tagged w/ roman empire
Crisis meeting between Angela Merkel and Nicolas Sarkozy was arranged before the participants knew of the disastrous growth figures in the Eurozone that emerged in the morning. Today the Germans and the European Union are once again focusing the peoples’ minds on the Holy Roman Empire. Otto von Hapsburg said, “The [European] Community is living largely by the heritage of the Holy Roman Empire, though the great majority of the people who live by it don’t know by what heritage they live.” http://www.makeahistory.com/index.php/recent-news/42996-fourth-reich-in-disguise-how-germany-is-using-the-financial-crisis-to-conquer-europeCrisis meeting between Angela Merkel and Nicolas Sarkozy was arranged before the... more
This can’t end well.
But then, how often do empires end well, really? They live vampirically by feeding off others until, sooner or later, they begin to feed on themselves,This can’t end well. But then, how often do empires end well, really? They... more
http://ramanan50.wordpress.com/2011/02/28/jesus-did-not-rise-from-the-deadthe-bible-is-not-eternal/On Christianity.... more
Mass media and popular culture are powerful tools of manipulation when wielded by those skilled at waging way by way of deception. When shaping the opinion of an unsuspecting public, the star power of military leaders and sports heroes is routinely appropriated.
That duplicity was on display in February 2003 when Colin Powell gave false testimony to the U.N. Security Council that helped launch the U.S.-led invasion of a Muslim nation. Similar duplicity was deployed in May 2005 when Pakistani cricket icon Imran Khan launched from Islamabad a false story that provoked outrage at the U.S. in Muslim nations.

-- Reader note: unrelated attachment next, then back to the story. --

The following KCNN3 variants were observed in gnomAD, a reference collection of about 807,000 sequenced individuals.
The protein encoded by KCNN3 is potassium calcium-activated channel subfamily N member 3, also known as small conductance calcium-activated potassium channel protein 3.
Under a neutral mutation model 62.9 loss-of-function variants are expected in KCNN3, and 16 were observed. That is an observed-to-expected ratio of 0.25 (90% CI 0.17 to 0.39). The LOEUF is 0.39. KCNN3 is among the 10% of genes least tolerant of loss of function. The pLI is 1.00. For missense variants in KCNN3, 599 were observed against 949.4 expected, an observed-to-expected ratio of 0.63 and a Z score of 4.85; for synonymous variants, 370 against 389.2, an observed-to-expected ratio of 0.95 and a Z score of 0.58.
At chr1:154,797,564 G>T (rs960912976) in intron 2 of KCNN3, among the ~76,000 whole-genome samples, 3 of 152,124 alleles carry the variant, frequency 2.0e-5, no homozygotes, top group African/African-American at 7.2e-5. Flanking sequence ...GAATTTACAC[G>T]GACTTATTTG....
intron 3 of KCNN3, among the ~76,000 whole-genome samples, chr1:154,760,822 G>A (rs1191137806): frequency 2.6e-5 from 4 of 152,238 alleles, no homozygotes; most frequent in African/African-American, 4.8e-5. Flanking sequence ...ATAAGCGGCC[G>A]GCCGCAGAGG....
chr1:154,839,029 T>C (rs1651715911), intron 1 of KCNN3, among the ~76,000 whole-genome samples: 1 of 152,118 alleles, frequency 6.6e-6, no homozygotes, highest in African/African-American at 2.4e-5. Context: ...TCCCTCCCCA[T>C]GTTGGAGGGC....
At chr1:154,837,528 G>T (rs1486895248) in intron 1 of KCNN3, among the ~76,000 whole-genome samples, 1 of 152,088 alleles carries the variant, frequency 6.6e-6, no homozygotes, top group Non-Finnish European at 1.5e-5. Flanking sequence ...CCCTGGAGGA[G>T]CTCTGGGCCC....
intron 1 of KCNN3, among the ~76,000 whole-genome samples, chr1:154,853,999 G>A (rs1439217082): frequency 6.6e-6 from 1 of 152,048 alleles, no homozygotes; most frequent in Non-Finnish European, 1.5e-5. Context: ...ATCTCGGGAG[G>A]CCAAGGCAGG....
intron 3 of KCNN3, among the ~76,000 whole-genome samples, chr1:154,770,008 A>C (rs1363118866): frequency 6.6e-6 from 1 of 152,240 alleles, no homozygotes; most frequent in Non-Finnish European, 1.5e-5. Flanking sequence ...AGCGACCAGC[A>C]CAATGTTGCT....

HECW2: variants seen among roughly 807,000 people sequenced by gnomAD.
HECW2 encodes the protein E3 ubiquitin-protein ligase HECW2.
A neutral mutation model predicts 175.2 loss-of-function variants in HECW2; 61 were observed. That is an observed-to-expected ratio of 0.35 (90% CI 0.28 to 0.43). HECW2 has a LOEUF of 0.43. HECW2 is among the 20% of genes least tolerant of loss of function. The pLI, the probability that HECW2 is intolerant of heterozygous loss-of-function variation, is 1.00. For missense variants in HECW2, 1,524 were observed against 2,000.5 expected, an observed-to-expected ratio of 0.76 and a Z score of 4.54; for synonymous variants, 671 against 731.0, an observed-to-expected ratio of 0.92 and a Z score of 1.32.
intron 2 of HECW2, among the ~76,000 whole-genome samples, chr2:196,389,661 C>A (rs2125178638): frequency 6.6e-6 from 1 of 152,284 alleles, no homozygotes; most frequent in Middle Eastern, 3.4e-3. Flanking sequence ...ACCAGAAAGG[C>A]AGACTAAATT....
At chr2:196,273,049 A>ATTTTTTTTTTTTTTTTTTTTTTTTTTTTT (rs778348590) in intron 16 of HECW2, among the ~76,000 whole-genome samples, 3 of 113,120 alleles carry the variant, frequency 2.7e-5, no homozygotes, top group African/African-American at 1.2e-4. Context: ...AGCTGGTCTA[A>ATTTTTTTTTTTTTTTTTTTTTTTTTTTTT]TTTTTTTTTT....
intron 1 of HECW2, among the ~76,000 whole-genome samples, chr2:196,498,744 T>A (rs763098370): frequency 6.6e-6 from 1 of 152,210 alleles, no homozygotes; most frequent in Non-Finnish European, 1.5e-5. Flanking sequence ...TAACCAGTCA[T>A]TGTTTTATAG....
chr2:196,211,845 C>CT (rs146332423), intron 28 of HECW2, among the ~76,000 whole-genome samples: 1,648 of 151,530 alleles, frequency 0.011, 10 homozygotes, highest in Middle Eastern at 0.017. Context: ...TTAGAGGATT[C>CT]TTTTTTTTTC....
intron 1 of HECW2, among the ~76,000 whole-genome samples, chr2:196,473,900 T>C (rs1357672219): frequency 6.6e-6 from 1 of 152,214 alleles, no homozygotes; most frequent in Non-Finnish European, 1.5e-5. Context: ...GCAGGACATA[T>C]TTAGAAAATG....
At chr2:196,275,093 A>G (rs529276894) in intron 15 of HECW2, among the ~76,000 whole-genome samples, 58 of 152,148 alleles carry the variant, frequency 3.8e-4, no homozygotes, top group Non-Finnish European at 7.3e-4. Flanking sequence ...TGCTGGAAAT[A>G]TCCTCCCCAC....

Since the “bread and circus” era of the Roman Empire, pop culture has proven a potent means to distract and misdirect. With the modern reach of mass media, pop culture can be deployed not just to manipulate the public’s mental state but also to promote for political office high-profile personalities such as astronauts, newscasters, war heroes and even well known comedians.
Those who induced the U.S. to wage war in Iraq on false pretenses used Secretary of State Colin Powell for that purpose when he was dispatched to the U.N. to vouch for phony intelligence. The Powell “brand” as a credible four-star general was appropriated by pro-Israeli war-planners to market the false impression that Iraq had mobile biological weapons laboratories.
By deploying a public official’s known integrity to obscure their duplicity, those complicit in this deceit discredited both Powell and the U.S. while also undermining the credibility of the U.N. The phony intelligence on which Powell relied was provided by George Tenet, Director of Central Intelligence, and vouched for by Paul Joyal, reportedly Tenet’s Ashkenazi Chief of Staff.
A similar power-of-association ploy emerged two years later when the pop culture celebrity of Imran Khan was appropriated to provoke violence worldwide that damaged the image of the U.S. A global crisis commenced soon after those handling public relations for this legend of the cricket world summoned reporters to a May 6, 2005 press conference in Islamabad.
As an international sports figure, Khan’s star power and his position as a Pakistani politician directed media attention to an April 30th issue of Newsweek where Ashkenazi journalist Michael Isikoff reported that U.S. interrogators had flushed a Koran down a toilet in an attempt to exert pressure on Muslim combatants in custody at Guantanamo Bay, Cuba.
Not until May 16th did Newsweek editors publish a partial retraction along with an apology in The New York Times conceding that the widely reported story was inadequately supported by the facts. By then Isikoff’s tale of Koran desecration had gone viral.
Game Theory Warfare
The story provoked massive anti-U.S. demonstrations in Pakistan, Lebanon, Egypt, Indonesia, Palestine, Jordan, Bangladesh, Sudan and Malaysia. Though the Guantanamo inmate retracted his statement, by then the story had done lasting damage to U.S. interests throughout the Islamic world while adding plausibility to the thematic Clash of Civilizations.
In game theory terms, the results were foreseeable because the reaction was mathematically predictable; the response could be projected—within an acceptable range of probabilities.Mass media and popular culture are powerful tools of manipulation when wielded by... more